Gabriel Riesco:

Okay, so let me interrupt you there. That brings me to the next point, I think we're very related to this, using Bitcoin as an investment, I think it's worth talking about when you're talking about speculation, talking about the risk, reward or symmetry. Can you talk about that?

Alexandre Fuchs:

Okay. Not willingly. But it's very difficult to, to make an argument on that one, for example, the asymmetry of buying Bitcoin into them 21, according to they, are you risking things on risking things? particular and none of this is financial advice, it's just going to think through what is truly kind of a black swan event, right? This has fun, say that's 50% chance of being zero and 50%, generally much, much more than $42,000. Right. So like anything in, you know, what they call risk management, or portfolio sizing, or whatever it is, then you need to decide what your appetite for risk is, right? Now, there are people who put their whole net worth and burn money and so forth to go to go all into bitcoin. And, you know, congratulations, you know, that people died on John's Island and in other places. I mean, this is, you know, that, yeah, it is wonderful to be convinced of something. So much so, fantastic rate. My point is a different one, I don't think it's a binary choice, like anything, and I think investment, this may be one of the things that comes up over and over on this podcast and, and in, in our thinking of investing is that I don't need to be either Manichaean, I don't need to be black and white on every one of these issues. I can I can, I can take an educated bit and educated speculative position. And tell myself this is going to be interesting. Because on top of that, remember that there are traders who know how to trade this stuff, and they know when to buy and sell or do things where they think they do or whatever it is this whole trading of a asset class that, you know, the banks and other people, you know, nobody know how to do. No, I don't know how to do that. It's not mine. But the I go back and say that, even from a defensive point of view, right, that you're looking at an inflationary environment, and you're looking at a bunch of different things. I am not totally convinced that the idea of putting money in Bitcoin as inflation is twice as dumb as putting money into gold. And I think a lot of people automatically put money into gold when they think of inflation and other things like that. And I'm not sure that this is 50% smarter or whatever, than putting it in Bitcoin. Bitcoin makes a fairly strong case that you know, some of the smarter people around believe in it, that's going to have some network effect. You know it, there's a lot of stupidity in and around the topic. So it's not metrics, but the ultimately the kind of work if it is adopted, so you need to just always measure adoption, look at a number of wallets that are created and you can look at number holders that have been grown continuously, you need to see how many more people on a network and back to you know, Metcalfe's law and the other network effects kind of theories. But the idea is, as you add people to network, more people get added to the network. And it's a self fulfilling prophecies that if people see value in network, and they get added to the network and their contacts, their friends, their vendors, their employees, and bosses, everybody else sees them on it can transact with them on it over time, it'll grow enough, does it grow worth this? Or does it explode or do anything? Again, you know, it's it's probably to value something which is practically non valuable, right? I mean, you can't, there's no, there's no real model that you can run on. I mean, I've seen the attempts here and there, they focus on clothes, and they focus on other things. Fantastic. But the best way to think about it, I think, is what is your percentage betting that this will work? Right? And how big you think it is, if it works? And, you know, my sense is, if you think that this has a chance to work, and you were above 5%, or 10%, then it's not stupid to keep an eye on. I don't I completely disagree with the idea that it has to work 100% for me to worry about it. I think that's nonsense. I think that you see a lot of people in the financial institutions, the banks and so forth, are now forced to look into it, because they know better, they've seen this movie play before, something comes in out of nowhere, the status, they may reject it, but they need to understand, so you need to play with it. I think that's where we are, we're in the middle of uncertainty and uncertainty. You know, again, some of the best trades that anybody has done, makes you feel really uncomfortable, and you put the trade on, you're just, I mean, floored. And, and, and you go back and look at it, a couple years later, whatever it is, and you go like, I was like such a genius, and you know, genius in love. It's just, you want to make an assessment. You know, everything that I've seen in the last year has confirmed greater adoption, greater belief in the network. More user more value. Right? Now, it's gone from 4000 to 40,000. I'm not sure there's been 10 times more value or more network users or spawns So now the question is was an undervalued before or was it overvalued? Now, I can tell you these things. Like, we all have to enter the battle map, right? I mean, you know, it's got the 64 in back to 49 out of 42. There's a whole battle happening out there.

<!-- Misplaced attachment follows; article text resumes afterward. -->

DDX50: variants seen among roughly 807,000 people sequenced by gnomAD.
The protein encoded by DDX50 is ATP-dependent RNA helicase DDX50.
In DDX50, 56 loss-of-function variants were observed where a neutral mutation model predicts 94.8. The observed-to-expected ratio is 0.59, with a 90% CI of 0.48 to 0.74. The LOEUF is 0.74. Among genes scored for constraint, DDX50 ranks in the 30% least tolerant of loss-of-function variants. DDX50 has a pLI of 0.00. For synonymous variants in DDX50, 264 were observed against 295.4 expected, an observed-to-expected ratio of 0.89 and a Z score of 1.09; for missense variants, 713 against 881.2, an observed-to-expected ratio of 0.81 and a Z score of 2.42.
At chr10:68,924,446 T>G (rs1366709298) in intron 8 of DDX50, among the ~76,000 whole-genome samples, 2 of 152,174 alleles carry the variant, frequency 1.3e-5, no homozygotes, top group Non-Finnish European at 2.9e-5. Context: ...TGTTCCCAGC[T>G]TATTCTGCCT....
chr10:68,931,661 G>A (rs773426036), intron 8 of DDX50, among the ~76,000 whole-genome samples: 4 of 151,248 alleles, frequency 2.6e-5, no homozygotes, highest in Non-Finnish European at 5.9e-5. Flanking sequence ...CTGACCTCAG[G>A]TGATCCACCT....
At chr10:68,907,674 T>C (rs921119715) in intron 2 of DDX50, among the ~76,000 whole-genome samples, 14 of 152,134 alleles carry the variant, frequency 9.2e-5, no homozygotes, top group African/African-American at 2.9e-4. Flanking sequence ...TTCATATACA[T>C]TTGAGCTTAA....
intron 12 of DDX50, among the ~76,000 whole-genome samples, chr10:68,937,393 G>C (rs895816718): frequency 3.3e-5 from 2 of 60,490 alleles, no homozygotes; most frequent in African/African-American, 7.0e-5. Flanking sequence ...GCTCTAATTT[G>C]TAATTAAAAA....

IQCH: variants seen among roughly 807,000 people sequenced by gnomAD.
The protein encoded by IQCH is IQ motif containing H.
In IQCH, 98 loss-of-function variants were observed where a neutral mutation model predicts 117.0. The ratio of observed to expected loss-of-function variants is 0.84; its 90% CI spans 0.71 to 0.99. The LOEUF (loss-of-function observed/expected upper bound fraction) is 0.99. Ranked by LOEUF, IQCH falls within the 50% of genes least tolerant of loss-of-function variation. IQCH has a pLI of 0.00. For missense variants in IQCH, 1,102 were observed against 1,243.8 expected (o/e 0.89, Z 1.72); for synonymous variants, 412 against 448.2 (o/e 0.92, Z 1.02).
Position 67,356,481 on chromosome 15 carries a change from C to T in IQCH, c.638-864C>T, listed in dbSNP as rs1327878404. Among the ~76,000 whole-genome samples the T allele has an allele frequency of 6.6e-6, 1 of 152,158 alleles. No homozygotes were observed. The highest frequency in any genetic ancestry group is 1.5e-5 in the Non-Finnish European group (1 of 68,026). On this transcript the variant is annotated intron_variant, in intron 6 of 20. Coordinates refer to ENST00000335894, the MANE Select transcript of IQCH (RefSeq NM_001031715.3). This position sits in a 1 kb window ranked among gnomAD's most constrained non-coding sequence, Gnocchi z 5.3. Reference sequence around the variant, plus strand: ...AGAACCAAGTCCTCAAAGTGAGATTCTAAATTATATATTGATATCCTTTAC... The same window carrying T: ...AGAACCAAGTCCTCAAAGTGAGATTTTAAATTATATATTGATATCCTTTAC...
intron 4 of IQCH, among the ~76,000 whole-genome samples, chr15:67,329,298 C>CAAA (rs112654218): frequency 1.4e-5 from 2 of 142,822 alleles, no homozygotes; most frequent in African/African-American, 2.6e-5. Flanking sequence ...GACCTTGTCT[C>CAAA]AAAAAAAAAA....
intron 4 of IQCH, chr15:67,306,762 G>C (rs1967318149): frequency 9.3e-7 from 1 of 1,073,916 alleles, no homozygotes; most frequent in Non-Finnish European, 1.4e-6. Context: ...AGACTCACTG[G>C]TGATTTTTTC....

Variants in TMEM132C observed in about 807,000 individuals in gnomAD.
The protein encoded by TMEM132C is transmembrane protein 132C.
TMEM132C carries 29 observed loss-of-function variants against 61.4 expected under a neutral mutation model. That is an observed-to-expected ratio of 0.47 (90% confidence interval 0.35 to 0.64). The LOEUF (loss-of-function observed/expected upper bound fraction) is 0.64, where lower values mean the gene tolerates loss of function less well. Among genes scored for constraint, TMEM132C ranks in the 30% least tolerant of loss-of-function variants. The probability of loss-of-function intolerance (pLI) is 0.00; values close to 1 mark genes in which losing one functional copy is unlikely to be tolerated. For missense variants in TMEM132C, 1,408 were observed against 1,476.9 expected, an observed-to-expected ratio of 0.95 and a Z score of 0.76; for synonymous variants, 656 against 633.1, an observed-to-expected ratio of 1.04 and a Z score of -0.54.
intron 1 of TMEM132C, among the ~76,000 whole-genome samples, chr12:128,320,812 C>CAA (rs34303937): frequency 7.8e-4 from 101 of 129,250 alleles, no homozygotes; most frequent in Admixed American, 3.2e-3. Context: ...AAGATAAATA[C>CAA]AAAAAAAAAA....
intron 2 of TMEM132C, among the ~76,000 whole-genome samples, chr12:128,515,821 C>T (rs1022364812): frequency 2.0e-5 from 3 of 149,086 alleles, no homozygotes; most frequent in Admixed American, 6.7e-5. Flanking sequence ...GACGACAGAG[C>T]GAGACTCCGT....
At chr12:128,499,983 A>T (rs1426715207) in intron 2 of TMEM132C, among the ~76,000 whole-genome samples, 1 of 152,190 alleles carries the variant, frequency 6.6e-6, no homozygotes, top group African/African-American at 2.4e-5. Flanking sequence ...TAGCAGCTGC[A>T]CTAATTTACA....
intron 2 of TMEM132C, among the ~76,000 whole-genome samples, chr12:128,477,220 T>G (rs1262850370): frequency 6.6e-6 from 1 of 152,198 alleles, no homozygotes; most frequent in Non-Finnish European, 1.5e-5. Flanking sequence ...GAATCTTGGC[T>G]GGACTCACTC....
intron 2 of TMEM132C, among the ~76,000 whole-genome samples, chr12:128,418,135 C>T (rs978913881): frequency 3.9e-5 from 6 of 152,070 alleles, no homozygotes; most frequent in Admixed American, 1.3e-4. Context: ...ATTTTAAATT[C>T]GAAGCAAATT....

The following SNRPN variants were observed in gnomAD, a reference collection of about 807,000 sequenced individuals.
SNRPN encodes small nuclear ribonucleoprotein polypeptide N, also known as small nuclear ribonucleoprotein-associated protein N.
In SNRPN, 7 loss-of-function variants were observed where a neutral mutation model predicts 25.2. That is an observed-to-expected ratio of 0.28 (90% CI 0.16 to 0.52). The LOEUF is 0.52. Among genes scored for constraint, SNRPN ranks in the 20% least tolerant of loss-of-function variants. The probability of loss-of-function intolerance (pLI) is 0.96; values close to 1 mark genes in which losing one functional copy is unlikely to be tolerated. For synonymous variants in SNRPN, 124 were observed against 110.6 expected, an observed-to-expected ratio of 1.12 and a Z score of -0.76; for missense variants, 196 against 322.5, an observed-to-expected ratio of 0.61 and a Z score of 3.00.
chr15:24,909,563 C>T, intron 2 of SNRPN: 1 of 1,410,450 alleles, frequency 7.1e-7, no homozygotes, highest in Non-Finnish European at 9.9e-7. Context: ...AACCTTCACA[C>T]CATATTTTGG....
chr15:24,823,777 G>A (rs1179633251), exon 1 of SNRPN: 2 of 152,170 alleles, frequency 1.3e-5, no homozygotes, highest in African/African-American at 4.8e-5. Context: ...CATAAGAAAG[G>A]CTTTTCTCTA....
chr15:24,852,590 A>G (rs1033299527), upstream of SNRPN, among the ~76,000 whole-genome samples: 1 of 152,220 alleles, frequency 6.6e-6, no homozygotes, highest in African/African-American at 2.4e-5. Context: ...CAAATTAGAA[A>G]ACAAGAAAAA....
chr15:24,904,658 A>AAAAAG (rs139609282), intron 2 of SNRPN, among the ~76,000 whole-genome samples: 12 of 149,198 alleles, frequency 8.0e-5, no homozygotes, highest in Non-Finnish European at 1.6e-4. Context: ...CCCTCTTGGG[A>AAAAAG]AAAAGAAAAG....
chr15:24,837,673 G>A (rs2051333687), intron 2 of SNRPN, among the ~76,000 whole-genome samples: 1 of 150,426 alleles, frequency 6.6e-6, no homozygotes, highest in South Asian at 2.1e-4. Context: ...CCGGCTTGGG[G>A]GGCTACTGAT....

Gabriel Riesco:

Alright, well, I think that we could wrap it up here. I think that was a very interesting conversation around Bitcoin. And we'll, we'll keep the conversation up on talk more about Bitcoin on on next episodes, we'll, we'll touch on other cryptocurrencies, like aetherium, which is kind of in the eyes of a lot of people right now. Would you like to add anything else? No, I

Alexandre Fuchs:

want to thank anybody who's listening to us for being patient and listen to our stuff. You know, this is kind of interesting. And, you know, again, if anybody has any thought or anything that they want us to cover, or disagree with I, there's nothing better than a good argument.

Gabriel Riesco:

Well, thank you very much. And thanks for all the listeners. If you value this podcast, please give us a review. In word ever, podcast platform you use. And please visit our Facebook group. And leave us a comment or any questions that you have there. All right, thank you so much, Alex. Have a great day. Thanks, everyone. Thanks, everyone.